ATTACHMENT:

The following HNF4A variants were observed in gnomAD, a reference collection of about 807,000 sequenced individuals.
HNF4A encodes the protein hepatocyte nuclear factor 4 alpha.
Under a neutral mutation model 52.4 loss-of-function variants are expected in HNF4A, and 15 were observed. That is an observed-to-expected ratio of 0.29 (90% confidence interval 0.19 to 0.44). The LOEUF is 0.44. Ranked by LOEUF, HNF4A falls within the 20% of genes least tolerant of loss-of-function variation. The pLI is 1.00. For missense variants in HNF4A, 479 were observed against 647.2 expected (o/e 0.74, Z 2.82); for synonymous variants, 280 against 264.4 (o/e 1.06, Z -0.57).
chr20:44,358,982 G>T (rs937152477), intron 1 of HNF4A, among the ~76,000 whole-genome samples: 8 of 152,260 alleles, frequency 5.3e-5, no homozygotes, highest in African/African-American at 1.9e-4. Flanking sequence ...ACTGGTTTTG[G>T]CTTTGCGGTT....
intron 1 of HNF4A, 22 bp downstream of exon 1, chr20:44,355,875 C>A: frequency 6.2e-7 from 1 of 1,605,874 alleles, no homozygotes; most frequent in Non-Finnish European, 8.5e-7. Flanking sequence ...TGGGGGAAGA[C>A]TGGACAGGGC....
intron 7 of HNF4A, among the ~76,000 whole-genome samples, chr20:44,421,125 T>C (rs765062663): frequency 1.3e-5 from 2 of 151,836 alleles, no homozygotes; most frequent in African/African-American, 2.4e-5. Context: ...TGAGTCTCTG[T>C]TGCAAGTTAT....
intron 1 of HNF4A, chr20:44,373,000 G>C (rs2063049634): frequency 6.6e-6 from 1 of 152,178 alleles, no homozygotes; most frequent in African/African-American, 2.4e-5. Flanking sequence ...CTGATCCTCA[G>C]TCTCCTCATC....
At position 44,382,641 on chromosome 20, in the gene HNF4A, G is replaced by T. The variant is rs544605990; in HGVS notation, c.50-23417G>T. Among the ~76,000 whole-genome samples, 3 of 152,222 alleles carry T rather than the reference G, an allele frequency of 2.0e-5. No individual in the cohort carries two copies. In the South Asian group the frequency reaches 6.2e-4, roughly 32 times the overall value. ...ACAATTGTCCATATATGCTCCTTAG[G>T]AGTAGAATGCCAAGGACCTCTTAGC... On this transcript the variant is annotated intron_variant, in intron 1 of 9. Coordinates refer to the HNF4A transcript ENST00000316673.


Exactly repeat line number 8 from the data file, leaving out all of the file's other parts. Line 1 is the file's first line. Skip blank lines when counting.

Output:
At position 44,382,641 on chromosome 20, in the gene HNF4A, G is replaced by T. The variant is rs544605990; in HGVS notation, c.50-23417G>T. Among the ~76,000 whole-genome samples, 3 of 152,222 alleles carry T rather than the reference G, an allele frequency of 2.0e-5. No individual in the cohort carries two copies. In the South Asian group the frequency reaches 6.2e-4, roughly 32 times the overall value. ...ACAATTGTCCATATATGCTCCTTAG[G>T]AGTAGAATGCCAAGGACCTCTTAGC... On this transcript the variant is annotated intron_variant, in intron 1 of 9. Coordinates refer to the HNF4A transcript ENST00000316673.